While the scope and depth of Singapore’s defense cooperation with the United States far exceeds that with China, Singapore has been careful to cultivate positive security relations with Beijing as well. Less than three weeks after announcement of the littoral combat ship agreement, Defense Minister Ng travelled to Beijing to laud Singapore’s “special relationship” with China and its desire to deepen military cooperation.99 In September 2012, Prime Minister Lee Hsien Loong made a successful visit to China where he had the rare honor of meeting five members of the Politburo Standing Committee.100

Yet he also delivered a thought-provoking speech to the Central Party School arguing that the Chinese should not view the United States as a declining power.101

On balance, Singapore has been supportive of the U.S. rebalance for its contribution to regional stability, but the country’s leaders have refrained from over-emphasizing this fact in public.102 For example, the littoral combat ship agreement received little attention in Singapore’s local press, thereby demonstrating respect for its relationship with China. Efforts to improve relations with Beijing followed quickly.103 Singapore has sought to keep a balanced ledger in its cooperative programs, never allowing its praise (or criticism) to become too one-sided. Singapore is following the predictions of our revised concept of hedging: by never allowing itself to become too close to either great power, Singapore creates ambiguity about the degree of its shared interests and with whom it would side in the event of great power conflict.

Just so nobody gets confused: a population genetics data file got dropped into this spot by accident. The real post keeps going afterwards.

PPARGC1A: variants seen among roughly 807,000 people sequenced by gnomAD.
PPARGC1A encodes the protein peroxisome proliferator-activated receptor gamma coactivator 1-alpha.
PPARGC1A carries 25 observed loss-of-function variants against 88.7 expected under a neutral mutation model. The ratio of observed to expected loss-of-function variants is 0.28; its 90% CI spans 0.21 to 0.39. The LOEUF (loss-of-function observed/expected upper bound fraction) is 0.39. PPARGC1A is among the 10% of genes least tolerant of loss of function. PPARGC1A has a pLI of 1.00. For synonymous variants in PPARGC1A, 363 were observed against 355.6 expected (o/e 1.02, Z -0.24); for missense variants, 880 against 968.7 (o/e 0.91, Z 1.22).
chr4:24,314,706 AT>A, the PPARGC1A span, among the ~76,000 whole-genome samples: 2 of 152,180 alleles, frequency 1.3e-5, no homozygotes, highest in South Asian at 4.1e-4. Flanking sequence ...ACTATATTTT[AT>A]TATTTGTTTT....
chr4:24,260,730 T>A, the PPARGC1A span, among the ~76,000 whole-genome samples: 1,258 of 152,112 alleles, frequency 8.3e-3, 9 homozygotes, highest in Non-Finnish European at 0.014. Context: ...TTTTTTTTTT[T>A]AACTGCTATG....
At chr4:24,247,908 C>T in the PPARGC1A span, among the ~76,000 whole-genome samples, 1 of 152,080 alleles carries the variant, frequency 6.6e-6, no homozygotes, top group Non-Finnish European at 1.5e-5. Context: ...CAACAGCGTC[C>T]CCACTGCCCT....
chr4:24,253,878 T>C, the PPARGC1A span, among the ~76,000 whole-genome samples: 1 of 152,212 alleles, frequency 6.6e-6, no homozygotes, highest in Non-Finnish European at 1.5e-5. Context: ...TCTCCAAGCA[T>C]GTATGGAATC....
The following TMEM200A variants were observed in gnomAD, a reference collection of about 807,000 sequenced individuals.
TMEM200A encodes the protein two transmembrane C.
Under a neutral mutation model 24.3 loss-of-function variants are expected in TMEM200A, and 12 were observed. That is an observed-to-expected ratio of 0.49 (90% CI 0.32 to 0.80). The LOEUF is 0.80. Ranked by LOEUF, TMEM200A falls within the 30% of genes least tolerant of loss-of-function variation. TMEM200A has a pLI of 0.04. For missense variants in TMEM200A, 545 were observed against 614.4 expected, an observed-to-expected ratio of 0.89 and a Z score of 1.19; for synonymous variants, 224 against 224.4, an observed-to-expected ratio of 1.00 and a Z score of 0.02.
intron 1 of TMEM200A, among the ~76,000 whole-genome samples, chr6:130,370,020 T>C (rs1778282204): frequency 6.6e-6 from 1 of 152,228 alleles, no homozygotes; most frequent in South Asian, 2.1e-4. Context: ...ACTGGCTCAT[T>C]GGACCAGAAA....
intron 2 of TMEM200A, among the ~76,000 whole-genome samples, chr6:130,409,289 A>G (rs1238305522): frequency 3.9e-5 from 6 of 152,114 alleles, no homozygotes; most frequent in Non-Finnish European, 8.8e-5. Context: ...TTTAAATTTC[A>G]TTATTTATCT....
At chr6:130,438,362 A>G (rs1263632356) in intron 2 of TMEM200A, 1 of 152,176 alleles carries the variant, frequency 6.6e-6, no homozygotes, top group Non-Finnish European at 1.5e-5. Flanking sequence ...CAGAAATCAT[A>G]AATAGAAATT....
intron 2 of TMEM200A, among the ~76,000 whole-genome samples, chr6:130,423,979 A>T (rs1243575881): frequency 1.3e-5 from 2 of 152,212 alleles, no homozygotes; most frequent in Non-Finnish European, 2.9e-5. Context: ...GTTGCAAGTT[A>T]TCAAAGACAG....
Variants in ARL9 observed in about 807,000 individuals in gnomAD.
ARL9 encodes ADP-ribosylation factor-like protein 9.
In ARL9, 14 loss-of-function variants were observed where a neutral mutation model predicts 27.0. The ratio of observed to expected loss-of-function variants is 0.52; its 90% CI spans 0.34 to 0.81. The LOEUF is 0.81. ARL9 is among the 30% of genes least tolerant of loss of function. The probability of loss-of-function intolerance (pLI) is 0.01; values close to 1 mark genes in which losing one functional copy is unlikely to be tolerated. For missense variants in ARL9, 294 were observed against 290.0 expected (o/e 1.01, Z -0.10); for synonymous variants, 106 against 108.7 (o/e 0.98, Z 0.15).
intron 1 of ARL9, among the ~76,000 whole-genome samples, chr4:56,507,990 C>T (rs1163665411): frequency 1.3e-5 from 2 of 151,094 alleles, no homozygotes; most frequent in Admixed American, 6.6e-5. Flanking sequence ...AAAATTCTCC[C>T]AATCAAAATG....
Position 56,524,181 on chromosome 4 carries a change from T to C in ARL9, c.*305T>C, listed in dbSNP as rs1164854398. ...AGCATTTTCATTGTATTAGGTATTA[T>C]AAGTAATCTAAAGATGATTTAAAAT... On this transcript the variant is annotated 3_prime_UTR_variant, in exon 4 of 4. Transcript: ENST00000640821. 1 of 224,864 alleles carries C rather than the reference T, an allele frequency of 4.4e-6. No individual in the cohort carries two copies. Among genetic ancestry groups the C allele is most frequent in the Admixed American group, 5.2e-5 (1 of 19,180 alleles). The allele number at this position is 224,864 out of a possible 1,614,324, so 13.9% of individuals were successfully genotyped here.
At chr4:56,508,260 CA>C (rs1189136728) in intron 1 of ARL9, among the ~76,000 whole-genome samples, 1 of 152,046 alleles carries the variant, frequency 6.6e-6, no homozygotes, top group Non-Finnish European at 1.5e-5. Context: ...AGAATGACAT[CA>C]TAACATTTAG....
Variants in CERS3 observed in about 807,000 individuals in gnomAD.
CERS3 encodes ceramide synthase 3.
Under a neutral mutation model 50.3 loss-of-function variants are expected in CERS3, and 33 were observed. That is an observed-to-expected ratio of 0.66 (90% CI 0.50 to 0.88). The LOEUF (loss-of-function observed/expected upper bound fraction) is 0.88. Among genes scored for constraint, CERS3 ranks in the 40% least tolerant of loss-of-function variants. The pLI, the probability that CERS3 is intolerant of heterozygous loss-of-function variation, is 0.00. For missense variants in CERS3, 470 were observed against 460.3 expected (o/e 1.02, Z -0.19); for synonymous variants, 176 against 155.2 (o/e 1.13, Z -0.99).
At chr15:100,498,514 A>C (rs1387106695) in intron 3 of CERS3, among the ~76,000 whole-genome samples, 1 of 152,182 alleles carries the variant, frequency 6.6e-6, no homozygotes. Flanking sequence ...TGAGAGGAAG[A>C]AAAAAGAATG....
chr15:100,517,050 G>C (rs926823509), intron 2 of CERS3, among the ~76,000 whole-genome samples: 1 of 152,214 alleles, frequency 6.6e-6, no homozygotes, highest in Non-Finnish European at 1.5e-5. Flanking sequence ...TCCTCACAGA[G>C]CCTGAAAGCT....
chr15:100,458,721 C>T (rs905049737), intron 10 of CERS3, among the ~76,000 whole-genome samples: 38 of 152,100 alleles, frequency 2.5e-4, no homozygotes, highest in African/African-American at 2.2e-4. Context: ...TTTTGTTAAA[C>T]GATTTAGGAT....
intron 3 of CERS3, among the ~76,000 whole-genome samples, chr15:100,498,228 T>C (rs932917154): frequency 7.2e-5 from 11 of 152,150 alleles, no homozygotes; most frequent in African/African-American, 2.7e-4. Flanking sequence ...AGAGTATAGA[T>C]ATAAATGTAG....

So what explains Singapore’s relatively stronger security ties with the United States? See Seng Tan argues that “Singapore’s hedging approach towards China—deep engagement with Beijing certainly, but also with other powers as well—arises partly from wariness of Chinese intentions.”104

He also contends that “Singapore has long advocated the need for a stable balance of power in the region, in the belief that it and other small states can survive and possibly thrive only when the region is not threatened by great power conflict and upheaval.”105

Accordingly, even while vigorously guarding its autonomy, Singapore longs for great power cooperation. In the words of Prime Minister Lee Hsien Loong, “We want the U.S. to have constructive and stable relations with China. That makes it much easier for us. Then we don’t have to choose sides.”106

Conclusion and Policy Implications

The security literature uses the term hedging to describe the responses of East Asian secondary states to China’s rise. Typically hedging refers to engaging heavily with China on both economic and political levels while retaining or building security links with the United States to encourage its continued presence as a regional stabilizer. We argue that hedging, as presently constructed, is a purely descriptive term with marginal analytical value. The current usage of hedging as an umbrella concept cannot yield insight into fundamental security questions because it does not differentiate between different types of alignment nor recognize the trade-offs inherent in competing strategic choices.

Our aim in this paper is to put forward a simple model that incorporates meaningful variation in the behavior of states that are routinely described as hedging. To do so, we redefine hedging behavior as a costly security strategy involving a trade-off between alignment and autonomy. States hedge by sending signals that generate ambiguity over the extent of their shared security interests with great powers. This ambiguity results in the avoidance of clear-cut alignment with any great power and, in turn, creates uncertainty regarding which side the secondary state would take in the event of a great power conflict. Our redefinition of hedging highlights the path dependency of many alignment choices, the effect of which is to reduce the benefits of sending ambiguous alignment signals. For states engaged in active security disputes against, or enjoying an alliance with, a great power, a clear trade-off already exists between their autonomy and alignment. Our redefinition of hedging and recognition of the effect of path dependence together allow us to identify important cross-national variation in states’ behavior and contribute to the larger research program on how states are responding to China’s rise.